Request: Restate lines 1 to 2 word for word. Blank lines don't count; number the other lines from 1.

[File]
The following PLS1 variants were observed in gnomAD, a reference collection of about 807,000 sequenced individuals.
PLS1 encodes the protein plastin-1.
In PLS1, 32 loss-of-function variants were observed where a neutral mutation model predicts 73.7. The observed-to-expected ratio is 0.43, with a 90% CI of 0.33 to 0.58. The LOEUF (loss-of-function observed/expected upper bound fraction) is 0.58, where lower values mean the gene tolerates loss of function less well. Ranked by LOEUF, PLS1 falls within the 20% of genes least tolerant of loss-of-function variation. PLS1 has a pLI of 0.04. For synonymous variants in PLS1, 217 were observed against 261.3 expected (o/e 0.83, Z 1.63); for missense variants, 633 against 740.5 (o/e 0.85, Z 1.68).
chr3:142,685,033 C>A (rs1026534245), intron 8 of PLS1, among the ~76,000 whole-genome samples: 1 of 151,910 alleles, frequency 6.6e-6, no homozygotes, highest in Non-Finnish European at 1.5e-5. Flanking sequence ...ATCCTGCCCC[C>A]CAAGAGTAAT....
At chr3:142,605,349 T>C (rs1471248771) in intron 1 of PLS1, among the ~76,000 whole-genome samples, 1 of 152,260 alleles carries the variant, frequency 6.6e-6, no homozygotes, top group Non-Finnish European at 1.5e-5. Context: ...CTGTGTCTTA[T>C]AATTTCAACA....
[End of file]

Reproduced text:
The following PLS1 variants were observed in gnomAD, a reference collection of about 807,000 sequenced individuals.
PLS1 encodes the protein plastin-1.